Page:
Did Your Blood Type Trigger Vitiligo?
A couple of months ago I was mentally reviewing events that transpired before the onset of my vitiligo. Had I been going through any unusually stressful times? Hmmm, well I was pregnant with my third child, who was conceived 6 months after my second child was born, so that could have been too much for my body to handle. I was in the process of selling my retail store, but that was very exciting, so that wouldn’t have been a factor.
Suddenly I remembered that during my first pregnancy I was told that my blood group was O and RH negative; RH negative is much rarer than RH positive, only 16% of the world’s population is negative. This fact made me wonder if I was onto something.
I posted a question on my Vitiligo Friends Facebook page asking if anyone else was RH-.
Many women said yes, but most of the men and women had no idea that the RH factor was different from ones blood type (A, B, AB, or O), so the answer was inconclusive because not enough people knew their RH factor.
My online search to see if there could, indeed, be a link between the rare blood factor RH- and vitiligo began…here’s what I found:
What Is RH Negative?
By Kim Kenney, eHow Contributor
The Rh factor is part of your blood type. In addition to being A, B, AB and O, blood can be Rh positive or Rh negative. It is important to know your blood type so you can receive the correct blood type for a transfusion and during pregnancy.
In the simplest terms possible, what is Rh factor?
RH factor is an antigen on the red blood cells which may induce specific antibodies which may destroy the blood cells.
Scientists Karl Landsteiner and A. S. Weiner identified the Rh factor in 1940 which connected human blood with that of the rhesus monkey.
Positive vs. Negative
The Rh factor is determined by the antigens present in your blood. Rh positive blood has antigens present, while Rh negative blood does not.
The Rh negative blood type is extremely rare. According to The Red Thread, only 16.6% of the population worldwide has Rh negative blood.
An Rh negative pregnant woman’s immune system may make antibodies against Rh positive blood cells, including those of her unborn baby. This condition is called Rh sensitization. The Rh positive fetus that has been attacked by the mother’s immune system can become anemic, suffer congestive heart failure or even die. .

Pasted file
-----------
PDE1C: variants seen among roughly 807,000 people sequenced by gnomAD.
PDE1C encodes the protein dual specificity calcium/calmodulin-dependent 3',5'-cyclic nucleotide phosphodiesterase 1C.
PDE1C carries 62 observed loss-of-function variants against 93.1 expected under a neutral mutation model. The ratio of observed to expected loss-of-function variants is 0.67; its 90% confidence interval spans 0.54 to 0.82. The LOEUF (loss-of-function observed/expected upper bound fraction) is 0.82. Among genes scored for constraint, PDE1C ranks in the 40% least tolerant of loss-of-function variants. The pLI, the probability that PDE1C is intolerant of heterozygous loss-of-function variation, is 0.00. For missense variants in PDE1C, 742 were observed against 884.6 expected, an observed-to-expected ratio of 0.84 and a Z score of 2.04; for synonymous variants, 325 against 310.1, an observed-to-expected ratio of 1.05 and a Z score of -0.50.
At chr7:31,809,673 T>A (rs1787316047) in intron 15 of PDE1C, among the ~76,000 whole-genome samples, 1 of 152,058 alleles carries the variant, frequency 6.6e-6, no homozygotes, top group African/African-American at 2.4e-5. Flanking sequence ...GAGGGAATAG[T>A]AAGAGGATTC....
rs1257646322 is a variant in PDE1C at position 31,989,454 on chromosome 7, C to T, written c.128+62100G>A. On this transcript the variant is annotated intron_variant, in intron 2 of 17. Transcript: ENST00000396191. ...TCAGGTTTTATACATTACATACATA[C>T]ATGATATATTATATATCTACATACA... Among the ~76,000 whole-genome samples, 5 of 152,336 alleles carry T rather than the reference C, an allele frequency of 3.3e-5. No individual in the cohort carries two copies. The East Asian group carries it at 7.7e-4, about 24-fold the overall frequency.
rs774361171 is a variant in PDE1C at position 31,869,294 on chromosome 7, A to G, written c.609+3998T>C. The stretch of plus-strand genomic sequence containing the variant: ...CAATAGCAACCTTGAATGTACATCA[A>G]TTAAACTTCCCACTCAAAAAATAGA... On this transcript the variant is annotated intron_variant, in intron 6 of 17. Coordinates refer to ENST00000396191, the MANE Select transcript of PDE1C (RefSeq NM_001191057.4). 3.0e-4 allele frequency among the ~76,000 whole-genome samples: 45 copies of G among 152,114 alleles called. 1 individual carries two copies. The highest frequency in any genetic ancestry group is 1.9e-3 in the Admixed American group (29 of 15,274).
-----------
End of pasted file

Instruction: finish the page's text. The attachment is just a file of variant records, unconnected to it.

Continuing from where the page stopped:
According to Lisa Shea, genetics play a role in determining Rh factor. The only way a child can be Rh negative is if both parents are also Rh negative, because the negative factor is recessive.
A scientific study about the correlation:
Title: Association of A, B, O and Rh blood groups with Vitiligo Authors: R. Ghaderi1, A. Alipour2
Background and Aim: Vitiligo is an acquired depigmentary dermatitis on an otherwise normal skin, which involves 1-2% of general population. Despite Various hypotheses and theories postulated, its etiology remains unknown. Genetic factors and blood groups seem to be implicated, to some extent, in the etiology of the disorder. This study was done to determine the association of Vitiligo with A, B, O blood groups and Rh.
Materials and Methods: In this case control study two groups were compared; one with 100 Vitiligo cases and the other (the control group) consisting of 100 patients without the disorder in the dermatology clinics of Birjand. Then, blood groups and Rh of both groups were determined. Incidence of each blood group among patients was compared with that of the control group. Data were analyzed by SPSS package, using t and chi- square tests.
Results: Blood groups A, B, AB, and O in Vitiligo cases were found to be, 32%, 33%, 7% and 28%; while they were 43%, 21%, 13% , and 23% in the controls, respectively. Thus, the differences were significant (2=6.85, P<0.05). The incidence of Rh positive and Rh negative blood groups in Vitiligo cases were found to be 87% and 13% compared to 83% and 17% in the controls respectively, but these differences weren’t significant (2=6.7, P>0.05).
Conclusion: The results obtained through this study show that subjects with blood group B are more susceptible to Vitiligo as compared to those with other groups but there is no significant association of Vitiligo with Rh.
Even though this one study does not show a correlation, I’m still not convinced that it could be a factor in whether or not the vitiligo gene activates.
Are you RH- or RH+?